(b) the Chönyid-Bardo is both the devachanic time-period of such an entity and the various  changings and ringings of the different states of consciousness that the devachani experiences while in the Devachan; and

(c) the Sidpai-Bardo is both the time-period and the different adventures or states of consciousness of the entity from the moment it definitely has left the Devachan until the time when it actually finds itself a growing embryo in a human womb - or until reincarnation.

It is thus evident that these three divisions of the Bardo are merely exoteric yet convenient manners of dividing the after-death state, or states, into three periods, ending at rebirth on Earth."

The forty-nine days duration of the Bardo are exoteric embroidery, according to De Purucker. It reminds one of sevenfold cycles, so often mentioned in the SD.

What I would like to know from David is the following:

1. De Purucker says that Bardo means "between two" (between two successive stages of  the disembodied entity, or more general, the time period and various states of consciousness of the peregrinating monad between death and its next  reincarnation).

Does this square with your knowledge of the translation(s) of Bardo?

2. Kama-Loka is equated with Tibetan Yuh-Kai. Did you encounter this term Yuh-Kai (in whatever form or transliteration) in Tibetan literature?









Yes, that's the standard interpretation - take the number of days as exoteric and follow the Tibetan interpretation as to the rest of it. However, that leaves us with this small problem: the chances of getting a human rebirth. According to Blavatsky the chances of a human rebirth are pretty high, even if you may have to rest up a bit in devachan for a few thousand years in between. According to the Tibetan lamas the chances of reincarnating as a human being are pretty slim. 

 

Curiously, when you look at the higher practitioners there's no difference at all: Blavatsky says they skip devachan and get reincarnated (obviously as a human being) almost immediately. So in that case suddenly 'exoteric' Tibetan Buddhism and Blavatsky agree. Which made me think that the difference might be in the interpretation of what happens to more ordinary human beings in between. Both agree they don't get reincarnated immediately, the time periods between human births are also large in both cases - except that in Tibetan Buddhism the rebirth in a heaven, a hell (or as an animal) are seen as rebirths instead of as a resting places (aka devachan).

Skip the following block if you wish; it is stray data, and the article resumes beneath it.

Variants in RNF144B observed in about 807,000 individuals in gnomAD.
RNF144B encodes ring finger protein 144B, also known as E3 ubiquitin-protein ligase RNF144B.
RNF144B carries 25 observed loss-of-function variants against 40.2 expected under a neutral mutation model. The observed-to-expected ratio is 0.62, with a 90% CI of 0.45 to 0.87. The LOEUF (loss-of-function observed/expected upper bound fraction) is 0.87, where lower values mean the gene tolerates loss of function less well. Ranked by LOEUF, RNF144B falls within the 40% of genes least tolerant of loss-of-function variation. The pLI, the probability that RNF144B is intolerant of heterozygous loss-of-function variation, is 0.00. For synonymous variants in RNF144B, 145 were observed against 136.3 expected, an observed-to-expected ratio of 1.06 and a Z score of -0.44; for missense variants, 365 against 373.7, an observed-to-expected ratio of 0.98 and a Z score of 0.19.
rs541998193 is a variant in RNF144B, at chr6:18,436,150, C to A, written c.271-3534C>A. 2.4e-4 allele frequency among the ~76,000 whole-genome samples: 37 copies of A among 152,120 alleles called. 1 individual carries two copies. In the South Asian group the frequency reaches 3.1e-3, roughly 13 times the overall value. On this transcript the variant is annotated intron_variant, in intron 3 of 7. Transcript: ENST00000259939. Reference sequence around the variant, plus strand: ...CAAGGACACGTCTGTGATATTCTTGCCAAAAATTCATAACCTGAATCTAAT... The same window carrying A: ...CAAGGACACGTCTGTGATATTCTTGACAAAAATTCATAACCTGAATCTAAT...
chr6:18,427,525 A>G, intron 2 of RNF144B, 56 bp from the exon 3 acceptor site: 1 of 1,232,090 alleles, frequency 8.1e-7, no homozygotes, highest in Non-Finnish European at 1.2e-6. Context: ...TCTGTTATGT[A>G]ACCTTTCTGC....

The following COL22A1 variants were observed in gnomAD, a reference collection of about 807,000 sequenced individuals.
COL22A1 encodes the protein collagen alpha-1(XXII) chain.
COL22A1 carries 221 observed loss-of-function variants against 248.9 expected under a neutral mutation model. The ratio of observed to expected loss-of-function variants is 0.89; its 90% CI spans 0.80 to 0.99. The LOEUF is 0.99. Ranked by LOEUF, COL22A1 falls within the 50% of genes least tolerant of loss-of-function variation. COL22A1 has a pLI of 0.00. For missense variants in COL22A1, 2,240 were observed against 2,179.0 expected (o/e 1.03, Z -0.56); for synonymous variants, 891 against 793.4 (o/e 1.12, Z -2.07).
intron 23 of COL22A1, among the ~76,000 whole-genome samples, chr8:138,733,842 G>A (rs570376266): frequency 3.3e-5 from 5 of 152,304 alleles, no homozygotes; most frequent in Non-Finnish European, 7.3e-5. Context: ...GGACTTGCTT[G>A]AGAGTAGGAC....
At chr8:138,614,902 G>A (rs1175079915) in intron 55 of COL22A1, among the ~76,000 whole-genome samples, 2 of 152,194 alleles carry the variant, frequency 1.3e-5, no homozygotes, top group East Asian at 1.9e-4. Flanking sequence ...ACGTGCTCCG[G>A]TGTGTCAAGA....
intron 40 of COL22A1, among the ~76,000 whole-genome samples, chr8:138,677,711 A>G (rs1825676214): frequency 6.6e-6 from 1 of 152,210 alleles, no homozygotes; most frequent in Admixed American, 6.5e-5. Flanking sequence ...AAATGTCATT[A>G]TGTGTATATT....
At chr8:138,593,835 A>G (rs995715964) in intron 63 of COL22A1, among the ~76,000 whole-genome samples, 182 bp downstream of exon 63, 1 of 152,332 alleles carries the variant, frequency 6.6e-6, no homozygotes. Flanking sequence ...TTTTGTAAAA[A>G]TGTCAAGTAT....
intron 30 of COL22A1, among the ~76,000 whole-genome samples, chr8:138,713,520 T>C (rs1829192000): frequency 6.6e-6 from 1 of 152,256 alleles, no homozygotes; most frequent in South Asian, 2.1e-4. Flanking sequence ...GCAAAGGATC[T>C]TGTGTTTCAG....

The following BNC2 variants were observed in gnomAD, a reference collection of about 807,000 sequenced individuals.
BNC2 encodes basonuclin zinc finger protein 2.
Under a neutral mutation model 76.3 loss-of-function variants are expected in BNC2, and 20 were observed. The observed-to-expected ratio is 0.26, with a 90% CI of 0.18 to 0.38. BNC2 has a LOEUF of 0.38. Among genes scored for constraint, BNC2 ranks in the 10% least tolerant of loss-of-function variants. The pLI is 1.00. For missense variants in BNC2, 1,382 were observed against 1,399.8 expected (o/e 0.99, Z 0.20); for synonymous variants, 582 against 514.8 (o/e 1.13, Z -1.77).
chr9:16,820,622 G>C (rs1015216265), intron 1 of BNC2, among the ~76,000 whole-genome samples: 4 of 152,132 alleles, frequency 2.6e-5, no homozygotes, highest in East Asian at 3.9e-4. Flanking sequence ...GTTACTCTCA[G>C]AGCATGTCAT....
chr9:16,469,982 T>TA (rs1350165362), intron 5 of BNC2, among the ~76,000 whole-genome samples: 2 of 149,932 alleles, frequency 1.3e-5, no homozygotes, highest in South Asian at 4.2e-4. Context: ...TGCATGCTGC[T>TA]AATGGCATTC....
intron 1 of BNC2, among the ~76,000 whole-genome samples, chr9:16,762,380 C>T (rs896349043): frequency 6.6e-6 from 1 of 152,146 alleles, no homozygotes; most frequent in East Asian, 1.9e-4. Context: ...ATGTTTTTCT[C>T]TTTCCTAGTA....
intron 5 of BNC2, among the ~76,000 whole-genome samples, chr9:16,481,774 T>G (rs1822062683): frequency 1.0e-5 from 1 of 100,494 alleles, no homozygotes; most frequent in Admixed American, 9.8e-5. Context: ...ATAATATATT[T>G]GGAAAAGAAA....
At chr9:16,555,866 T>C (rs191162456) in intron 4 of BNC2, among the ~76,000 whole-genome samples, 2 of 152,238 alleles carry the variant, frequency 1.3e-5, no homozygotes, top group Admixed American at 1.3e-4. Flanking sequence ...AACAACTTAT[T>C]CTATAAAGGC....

There are certainly differences between Tibetan Buddhism and Theosophy regarding the afterlife. One of the more important is that humans are not reborn as an animal, except in rare occasions where loss of soul has occurred. The information in Theosophy about the afterlife is a bit fragmented, especially as to the role of spirit guides and details of the kama-loka. Buddhism I take to be rather exoteric. I am rather interested in the mystical sections of religion, like Sufism and the like, and the Neo-Platonic and Hermetic tradition. As to rebirth in a sphere, be it heaven or hell, one could say that in a certain sense the transition into the after-death spheres is a kind of rebirth, certainly as to transition of state of consciousness. But that is a matter of interpretation.
Thank you, Captain Anand, for the welcome back.
On bardo, Martin, in the 1927 translation of The Tibetan Book of the Dead, W. Y. Evans-Wentz says in a footnote (p. 28): "Bar-do literally means 'between (Bar) two (do)', i.e. 'between two [states]' -- the state between death and rebirth -- and, therefore, 'Intermediate' or 'Transitional [State]'.
The Tibetan word bar-do is usually understood to stand for of be a translation of the Sanskrit word antarā-bhava, the "intermediate state," or "in-between state." However, bar-do is actually an abbreviated form of the translation of antarā-bhava. The full translation of antarā-bhava is bar ma do'i srid pa. The word bar do is an abbreviation of the first part of this, bar ma do, which translates the Sanskrit antarā, "in between," or "intermediate." The "bar" or "bar-ma" by itself means this, and the "do" was apparently added for clarity. The "do" is not much used in Tibetan, and does seem to mean "two" or a "pair" here. But the normal Tibetan word for "two," used everywhere, is "gnyis." The latter part of this compound, bhava, "state," Tibetan srid pa, is only implied or assumed as part of the meaning of the word bar-do. The teaching on the antarā-bhava is given extensively in the third chapter of Vasubandhu's Abhidharmakosa with his own commentary thereon.
The word "Yuh-Kai," quoted from the Mahatma Letters, is not Tibetan. It is apparently Chinese, as may be seen in Samuel Beal's 1871 book, A Catena of Buddhist Scriptures from the Chinese, p. 83. This is clearly what the Mahatma Letter is quoting from. Beal, in this pioneering work, had given the presumed Sanskrit, Kama-loka. Now that Buddhist Sanskrit texts have become available, we see that the actual word is kama-dhatu, Tibetan 'dod khams, or 'dod pa'i khams. It is one one the three realms, the "desire realm," that along with the form and formless realms make up the Buddhist cosmos.